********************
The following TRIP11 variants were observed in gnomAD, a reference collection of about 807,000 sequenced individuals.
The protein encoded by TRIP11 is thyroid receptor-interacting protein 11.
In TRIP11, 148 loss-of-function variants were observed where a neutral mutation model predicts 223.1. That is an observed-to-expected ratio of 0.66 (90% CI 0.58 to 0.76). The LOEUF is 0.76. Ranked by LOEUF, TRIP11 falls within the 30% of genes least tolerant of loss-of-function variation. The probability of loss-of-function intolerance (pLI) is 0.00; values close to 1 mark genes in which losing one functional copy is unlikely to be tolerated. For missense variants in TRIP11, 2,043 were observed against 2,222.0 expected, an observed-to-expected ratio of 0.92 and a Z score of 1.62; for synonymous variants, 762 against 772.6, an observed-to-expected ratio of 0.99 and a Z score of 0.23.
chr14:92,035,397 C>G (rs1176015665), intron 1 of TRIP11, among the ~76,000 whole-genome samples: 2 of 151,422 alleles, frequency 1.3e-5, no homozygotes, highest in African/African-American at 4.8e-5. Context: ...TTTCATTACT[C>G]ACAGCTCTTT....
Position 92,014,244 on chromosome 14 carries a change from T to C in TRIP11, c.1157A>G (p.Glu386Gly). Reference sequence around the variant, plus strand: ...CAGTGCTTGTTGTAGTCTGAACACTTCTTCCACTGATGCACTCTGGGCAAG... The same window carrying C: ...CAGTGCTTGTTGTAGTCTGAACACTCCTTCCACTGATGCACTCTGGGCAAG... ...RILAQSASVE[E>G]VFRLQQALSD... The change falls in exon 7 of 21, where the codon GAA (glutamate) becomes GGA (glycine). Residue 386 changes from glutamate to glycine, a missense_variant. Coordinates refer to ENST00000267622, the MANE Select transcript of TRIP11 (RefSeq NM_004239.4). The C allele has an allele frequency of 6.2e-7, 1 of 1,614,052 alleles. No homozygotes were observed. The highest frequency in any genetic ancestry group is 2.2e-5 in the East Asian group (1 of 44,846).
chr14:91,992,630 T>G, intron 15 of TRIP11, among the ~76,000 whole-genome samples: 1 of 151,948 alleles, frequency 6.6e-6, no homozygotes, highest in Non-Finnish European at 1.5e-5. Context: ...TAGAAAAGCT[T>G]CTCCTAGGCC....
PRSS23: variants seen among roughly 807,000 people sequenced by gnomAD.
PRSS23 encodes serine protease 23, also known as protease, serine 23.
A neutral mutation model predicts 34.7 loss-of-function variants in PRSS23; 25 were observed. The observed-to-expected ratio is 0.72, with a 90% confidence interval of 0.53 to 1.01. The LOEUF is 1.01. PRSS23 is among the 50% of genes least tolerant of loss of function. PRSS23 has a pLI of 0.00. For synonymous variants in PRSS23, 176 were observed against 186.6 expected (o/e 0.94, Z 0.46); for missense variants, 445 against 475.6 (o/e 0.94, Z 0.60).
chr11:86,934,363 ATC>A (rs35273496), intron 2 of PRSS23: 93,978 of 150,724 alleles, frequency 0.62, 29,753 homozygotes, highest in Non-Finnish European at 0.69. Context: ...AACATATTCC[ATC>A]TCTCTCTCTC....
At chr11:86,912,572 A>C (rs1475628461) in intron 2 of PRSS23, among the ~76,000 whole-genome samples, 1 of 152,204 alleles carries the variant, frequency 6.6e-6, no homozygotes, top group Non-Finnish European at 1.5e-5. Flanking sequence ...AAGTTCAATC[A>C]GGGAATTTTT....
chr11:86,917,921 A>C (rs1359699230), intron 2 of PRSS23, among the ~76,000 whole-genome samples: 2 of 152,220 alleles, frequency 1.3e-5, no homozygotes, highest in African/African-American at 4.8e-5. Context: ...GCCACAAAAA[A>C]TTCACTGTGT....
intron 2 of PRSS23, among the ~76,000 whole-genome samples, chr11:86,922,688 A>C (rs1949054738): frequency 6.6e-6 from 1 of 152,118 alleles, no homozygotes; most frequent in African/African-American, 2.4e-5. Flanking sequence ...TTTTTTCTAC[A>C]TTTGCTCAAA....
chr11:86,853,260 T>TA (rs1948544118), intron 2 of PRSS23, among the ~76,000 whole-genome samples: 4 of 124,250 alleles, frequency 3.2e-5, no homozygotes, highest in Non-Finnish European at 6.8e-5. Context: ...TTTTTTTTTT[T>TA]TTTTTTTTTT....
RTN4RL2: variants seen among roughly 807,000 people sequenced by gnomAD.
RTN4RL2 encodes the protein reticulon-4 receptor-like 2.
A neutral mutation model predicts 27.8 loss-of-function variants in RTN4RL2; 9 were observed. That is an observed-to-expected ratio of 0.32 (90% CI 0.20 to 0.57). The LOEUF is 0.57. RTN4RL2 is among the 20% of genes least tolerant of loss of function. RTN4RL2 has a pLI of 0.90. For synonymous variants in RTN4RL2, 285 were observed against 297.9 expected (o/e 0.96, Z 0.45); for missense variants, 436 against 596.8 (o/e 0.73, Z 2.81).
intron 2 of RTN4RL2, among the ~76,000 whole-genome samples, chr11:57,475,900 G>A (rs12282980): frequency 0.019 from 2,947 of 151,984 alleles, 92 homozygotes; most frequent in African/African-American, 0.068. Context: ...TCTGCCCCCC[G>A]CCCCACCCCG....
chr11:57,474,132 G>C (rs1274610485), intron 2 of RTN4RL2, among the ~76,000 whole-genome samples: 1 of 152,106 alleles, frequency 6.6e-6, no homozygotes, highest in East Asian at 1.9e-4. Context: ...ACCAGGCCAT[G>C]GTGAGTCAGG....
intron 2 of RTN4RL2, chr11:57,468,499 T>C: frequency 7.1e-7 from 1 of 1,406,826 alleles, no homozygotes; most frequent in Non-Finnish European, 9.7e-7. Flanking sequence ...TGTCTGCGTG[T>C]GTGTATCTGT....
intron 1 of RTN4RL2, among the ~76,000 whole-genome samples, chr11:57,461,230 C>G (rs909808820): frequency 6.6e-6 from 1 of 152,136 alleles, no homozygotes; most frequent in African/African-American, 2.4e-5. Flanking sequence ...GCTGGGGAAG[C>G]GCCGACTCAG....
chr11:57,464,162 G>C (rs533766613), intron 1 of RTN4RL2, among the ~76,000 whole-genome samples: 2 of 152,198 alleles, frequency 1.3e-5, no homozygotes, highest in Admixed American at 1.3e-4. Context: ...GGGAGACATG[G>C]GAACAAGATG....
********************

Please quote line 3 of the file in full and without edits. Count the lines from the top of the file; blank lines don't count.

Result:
In TRIP11, 148 loss-of-function variants were observed where a neutral mutation model predicts 223.1. That is an observed-to-expected ratio of 0.66 (90% CI 0.58 to 0.76). The LOEUF is 0.76. Ranked by LOEUF, TRIP11 falls within the 30% of genes least tolerant of loss-of-function variation. The probability of loss-of-function intolerance (pLI) is 0.00; values close to 1 mark genes in which losing one functional copy is unlikely to be tolerated. For missense variants in TRIP11, 2,043 were observed against 2,222.0 expected, an observed-to-expected ratio of 0.92 and a Z score of 1.62; for synonymous variants, 762 against 772.6, an observed-to-expected ratio of 0.99 and a Z score of 0.23.